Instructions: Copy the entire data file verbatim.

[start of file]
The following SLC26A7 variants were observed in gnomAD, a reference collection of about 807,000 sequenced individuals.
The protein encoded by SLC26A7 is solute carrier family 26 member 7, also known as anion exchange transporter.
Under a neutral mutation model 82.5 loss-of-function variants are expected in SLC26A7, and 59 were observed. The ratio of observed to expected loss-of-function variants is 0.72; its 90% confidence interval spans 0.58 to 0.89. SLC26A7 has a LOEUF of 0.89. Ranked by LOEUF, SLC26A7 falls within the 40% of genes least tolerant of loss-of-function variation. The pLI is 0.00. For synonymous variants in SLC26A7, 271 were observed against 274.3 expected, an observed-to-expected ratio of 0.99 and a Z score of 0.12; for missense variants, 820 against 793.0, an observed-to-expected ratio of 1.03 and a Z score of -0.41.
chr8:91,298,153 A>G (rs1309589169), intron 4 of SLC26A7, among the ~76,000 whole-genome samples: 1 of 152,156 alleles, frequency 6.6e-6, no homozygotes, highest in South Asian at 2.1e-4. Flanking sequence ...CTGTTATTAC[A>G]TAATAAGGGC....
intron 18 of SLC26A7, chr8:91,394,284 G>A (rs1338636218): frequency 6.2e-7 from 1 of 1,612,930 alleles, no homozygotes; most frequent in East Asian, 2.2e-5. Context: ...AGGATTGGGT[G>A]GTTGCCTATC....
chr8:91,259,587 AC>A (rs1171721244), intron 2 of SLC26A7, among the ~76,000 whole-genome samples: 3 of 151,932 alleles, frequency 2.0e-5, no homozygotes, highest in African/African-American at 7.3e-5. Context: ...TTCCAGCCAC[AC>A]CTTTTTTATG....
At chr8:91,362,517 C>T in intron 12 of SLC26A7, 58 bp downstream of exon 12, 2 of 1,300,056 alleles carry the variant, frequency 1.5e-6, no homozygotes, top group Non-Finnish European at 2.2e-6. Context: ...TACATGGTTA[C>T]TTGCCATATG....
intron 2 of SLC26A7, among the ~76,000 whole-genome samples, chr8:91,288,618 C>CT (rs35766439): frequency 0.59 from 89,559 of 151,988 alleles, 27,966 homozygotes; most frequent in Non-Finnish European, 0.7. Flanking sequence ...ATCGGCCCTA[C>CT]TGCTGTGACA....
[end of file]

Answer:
The following SLC26A7 variants were observed in gnomAD, a reference collection of about 807,000 sequenced individuals.
The protein encoded by SLC26A7 is solute carrier family 26 member 7, also known as anion exchange transporter.
Under a neutral mutation model 82.5 loss-of-function variants are expected in SLC26A7, and 59 were observed. The ratio of observed to expected loss-of-function variants is 0.72; its 90% confidence interval spans 0.58 to 0.89. SLC26A7 has a LOEUF of 0.89. Ranked by LOEUF, SLC26A7 falls within the 40% of genes least tolerant of loss-of-function variation. The pLI is 0.00. For synonymous variants in SLC26A7, 271 were observed against 274.3 expected, an observed-to-expected ratio of 0.99 and a Z score of 0.12; for missense variants, 820 against 793.0, an observed-to-expected ratio of 1.03 and a Z score of -0.41.
chr8:91,298,153 A>G (rs1309589169), intron 4 of SLC26A7, among the ~76,000 whole-genome samples: 1 of 152,156 alleles, frequency 6.6e-6, no homozygotes, highest in South Asian at 2.1e-4. Flanking sequence ...CTGTTATTAC[A>G]TAATAAGGGC....
intron 18 of SLC26A7, chr8:91,394,284 G>A (rs1338636218): frequency 6.2e-7 from 1 of 1,612,930 alleles, no homozygotes; most frequent in East Asian, 2.2e-5. Context: ...AGGATTGGGT[G>A]GTTGCCTATC....
chr8:91,259,587 AC>A (rs1171721244), intron 2 of SLC26A7, among the ~76,000 whole-genome samples: 3 of 151,932 alleles, frequency 2.0e-5, no homozygotes, highest in African/African-American at 7.3e-5. Context: ...TTCCAGCCAC[AC>A]CTTTTTTATG....
At chr8:91,362,517 C>T in intron 12 of SLC26A7, 58 bp downstream of exon 12, 2 of 1,300,056 alleles carry the variant, frequency 1.5e-6, no homozygotes, top group Non-Finnish European at 2.2e-6. Context: ...TACATGGTTA[C>T]TTGCCATATG....
intron 2 of SLC26A7, among the ~76,000 whole-genome samples, chr8:91,288,618 C>CT (rs35766439): frequency 0.59 from 89,559 of 151,988 alleles, 27,966 homozygotes; most frequent in Non-Finnish European, 0.7. Flanking sequence ...ATCGGCCCTA[C>CT]TGCTGTGACA....